Thoroughbred Daily News
Cee's Tizzy - Cee's Song, by Seattle Song - WinStar Farm
WinStar Farm - Versailles, KY | 1997 | Entered Stud 2002 | 2020 Fee $40,000

Proven Strategies: Still Time to Save Taxes for 2018

|

By Len Green

Editor’s Note: Today’s column on equine tax planning is the first in a new regular series in the TDN, presented by Keeneland. It is written by Len Green of The Green Group and DJ Stables, who won the Breeders’ Cup Juvenile Fillies this year with Jaywalk.

As is often heard in the horseracing industry, “The race is not over until the horse crosses the finish line!”

The same is true with maximizing your tax deductions and minimizing your taxes.

For those, who think it is too late to save on your 2018 taxes, we are here to tell you it is not.

With over 35 years of experience saving our clients taxes along with our knowledge of the new tax laws, we are confident the following information will help you as you approach the 2018 home stretch and allow you to hit the wire a winner.

What Does the 2017 Tax Act Do to Assist You?

First, the recently enacted Tax Act contains favorable developments for depreciating and expensing yearlings, breeding stock, farm equipment and other property.

Bonus Depreciation: An increase in bonus depreciation allows a write off to increase from 50% to 100%. Accordingly, you are now permitted to fully expense purchases in the first year for yearlings, breeding stock and farm equipment. Used property can now qualify also. A few weeks still remain for 2018 asset additions with the potential benefit of a full tax write-off.

IRC §179 Deduction: The maximum amount that may be expensed has been increased from $500,000 to $1 million. The phase-out threshold has been increased from $2 million to $2.5 million.

Farm Equipment: The useful life has been reduced from seven years to five years and the 200% declining balance method can now be used.

Race Horses: Certain Thoroughbred horses can still be depreciated as 3-year property. Even if business equipment or horses are purchased before year end, they still qualify for these tax benefits.

Maximize the Pass-Thru Business Income Deduction: An entirely new tax saving deduction allows certain taxpayers to deduct 20% of their qualified business income. To maximize the deduction, you should take action steps to qualify your taxable income so it is below this new provision’s phase-out thresholds. If your taxable income (not adjusted gross income) is less than $157,000 for single taxpayers or $315,000 for married filing jointly, you may be eligible for this new pass-through deduction. The deduction phases out at $207,000 for individuals and $415,000 for married filing jointly. In some cases, the deduction may be limited to 50% of wages paid. Accordingly, one strategy would be to convert your independent contractors to employees to boost the 20% deduction.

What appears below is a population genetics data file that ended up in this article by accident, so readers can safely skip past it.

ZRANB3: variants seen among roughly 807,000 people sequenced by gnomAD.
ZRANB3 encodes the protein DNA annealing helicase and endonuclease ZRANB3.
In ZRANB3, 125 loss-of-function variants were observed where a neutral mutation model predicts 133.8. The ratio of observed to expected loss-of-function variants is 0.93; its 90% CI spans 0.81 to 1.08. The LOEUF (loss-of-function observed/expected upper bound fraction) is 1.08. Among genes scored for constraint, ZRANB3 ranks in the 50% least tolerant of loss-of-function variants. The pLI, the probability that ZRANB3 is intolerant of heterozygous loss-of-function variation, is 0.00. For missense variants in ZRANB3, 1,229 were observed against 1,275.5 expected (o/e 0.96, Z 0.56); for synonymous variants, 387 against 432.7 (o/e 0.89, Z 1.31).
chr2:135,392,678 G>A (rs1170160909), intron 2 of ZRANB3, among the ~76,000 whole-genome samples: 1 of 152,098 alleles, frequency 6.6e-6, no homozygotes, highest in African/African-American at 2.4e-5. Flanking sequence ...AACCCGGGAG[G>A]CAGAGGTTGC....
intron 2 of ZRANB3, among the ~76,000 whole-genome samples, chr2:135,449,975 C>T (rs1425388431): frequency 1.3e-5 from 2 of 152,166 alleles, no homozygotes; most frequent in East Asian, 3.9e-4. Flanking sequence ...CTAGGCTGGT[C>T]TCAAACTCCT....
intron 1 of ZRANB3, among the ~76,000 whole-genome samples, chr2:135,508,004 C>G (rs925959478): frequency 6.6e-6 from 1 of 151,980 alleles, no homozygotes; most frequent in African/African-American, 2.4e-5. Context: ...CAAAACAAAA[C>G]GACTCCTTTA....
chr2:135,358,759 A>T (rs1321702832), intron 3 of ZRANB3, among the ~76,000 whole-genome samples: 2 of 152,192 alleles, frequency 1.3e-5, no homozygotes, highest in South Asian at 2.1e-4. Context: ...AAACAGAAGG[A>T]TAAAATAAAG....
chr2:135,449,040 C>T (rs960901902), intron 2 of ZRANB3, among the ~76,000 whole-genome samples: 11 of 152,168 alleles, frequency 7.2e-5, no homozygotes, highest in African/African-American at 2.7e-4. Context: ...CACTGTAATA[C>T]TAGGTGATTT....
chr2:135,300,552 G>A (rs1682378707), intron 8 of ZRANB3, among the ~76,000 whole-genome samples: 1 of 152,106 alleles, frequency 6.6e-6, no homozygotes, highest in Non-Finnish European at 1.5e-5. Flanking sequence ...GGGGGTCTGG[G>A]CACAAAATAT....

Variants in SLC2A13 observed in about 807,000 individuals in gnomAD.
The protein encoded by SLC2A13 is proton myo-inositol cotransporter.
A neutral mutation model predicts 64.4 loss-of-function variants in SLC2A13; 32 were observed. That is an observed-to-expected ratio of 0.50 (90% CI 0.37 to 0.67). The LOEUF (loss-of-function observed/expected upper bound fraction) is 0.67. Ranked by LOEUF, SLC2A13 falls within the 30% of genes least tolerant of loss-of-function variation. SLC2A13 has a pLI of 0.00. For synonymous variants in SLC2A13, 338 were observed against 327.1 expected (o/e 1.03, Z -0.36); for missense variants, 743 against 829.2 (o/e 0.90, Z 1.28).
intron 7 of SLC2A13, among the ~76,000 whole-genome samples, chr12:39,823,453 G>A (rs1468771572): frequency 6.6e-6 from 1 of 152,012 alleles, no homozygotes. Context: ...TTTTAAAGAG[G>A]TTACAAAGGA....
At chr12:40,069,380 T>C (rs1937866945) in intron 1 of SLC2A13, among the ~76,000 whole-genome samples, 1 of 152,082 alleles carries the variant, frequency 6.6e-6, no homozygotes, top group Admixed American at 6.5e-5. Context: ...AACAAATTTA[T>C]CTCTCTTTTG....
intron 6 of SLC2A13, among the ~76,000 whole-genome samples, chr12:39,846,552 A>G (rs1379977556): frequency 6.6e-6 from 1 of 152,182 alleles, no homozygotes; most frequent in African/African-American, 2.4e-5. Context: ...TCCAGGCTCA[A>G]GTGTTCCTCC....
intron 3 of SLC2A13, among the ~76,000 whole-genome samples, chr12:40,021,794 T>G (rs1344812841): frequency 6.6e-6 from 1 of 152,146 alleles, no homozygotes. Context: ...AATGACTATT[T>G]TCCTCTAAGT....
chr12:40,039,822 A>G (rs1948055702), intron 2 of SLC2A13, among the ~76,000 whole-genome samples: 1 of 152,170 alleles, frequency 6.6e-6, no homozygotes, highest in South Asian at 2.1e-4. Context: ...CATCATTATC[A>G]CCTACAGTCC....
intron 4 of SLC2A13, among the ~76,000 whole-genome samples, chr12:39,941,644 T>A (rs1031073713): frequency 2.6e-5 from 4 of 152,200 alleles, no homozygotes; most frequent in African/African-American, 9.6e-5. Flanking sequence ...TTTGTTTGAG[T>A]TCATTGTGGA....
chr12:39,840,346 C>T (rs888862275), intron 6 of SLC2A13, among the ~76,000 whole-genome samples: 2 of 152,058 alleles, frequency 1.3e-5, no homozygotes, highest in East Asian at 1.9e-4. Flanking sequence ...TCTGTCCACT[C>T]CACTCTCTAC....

Set Up a Retirement Plan: You may be eligible to establish a retirement plan before year-end (or beyond). Contributions to a Keogh plan or a one-person 401(k) plan can be significant and save you significant 2018 tax dollars if set up before December 31, 2018. A SEP-IRA is another flexible alternative. A SEP can be set up before the filing date of your 2018 tax return, yet still provide you with a 2018 deduction.

Required Minimum Distributions: If you are age 70 ½ or older, please remember to take your required minimum distribution from your retirement plan in order to avoid a harsh penalty.

Child Tax Credit More Available: Under prior law, the child tax credit was phased out for taxpayers with modified adjusted gross income of more than $75,000 for single taxpayers and above $110,000 for joint filers. Those thresholds have been increased dramatically, up to $200,000 for single taxpayers and $400,000 for couples. In addition, the credit, which is for each child under age 17, has been doubled to $2,000.

Gifting: For those of you inclined to make gifts still in 2018, keep in mind that the annual gift tax exclusion is $15,000 per recipient or $30,000 if married. With the Federal estate tax exemption scheduled to return to the 2017 amount of $5.5 million after 2025 (from the 2018-2025 threshold of more than $11 million), an opportunity is available for high net worth individuals to transfer substantial assets tax-free now to family members or trusts.

Charitable Deductions: There is still an opportunity to make contributions before year end. A tax saving technique is to donate appreciated securities to qualified charities and receive a tax deduction at the appreciated amount and avoid the capital gains you would have paid if you sold the securities and donated the cash.

Tax Preparation Fees: The 2017 Tax Act eliminated itemized deductions for individuals where this was previously deducted in prior years. To the extent that the tax preparation fee includes work done on your horse business, that would be properly deducted on Schedule C, Schedule F or on your LLC.

Action Steps

You should review the applicability of these recommendations with your tax professional or take advantage of the fact that readers of this column receive a one-hour consultation with our firm.

To contact The Green Group, please visit http://www.greenco.com/ or call (732) 634-5100.

Not a subscriber? Click here to sign up for the daily PDF or alerts.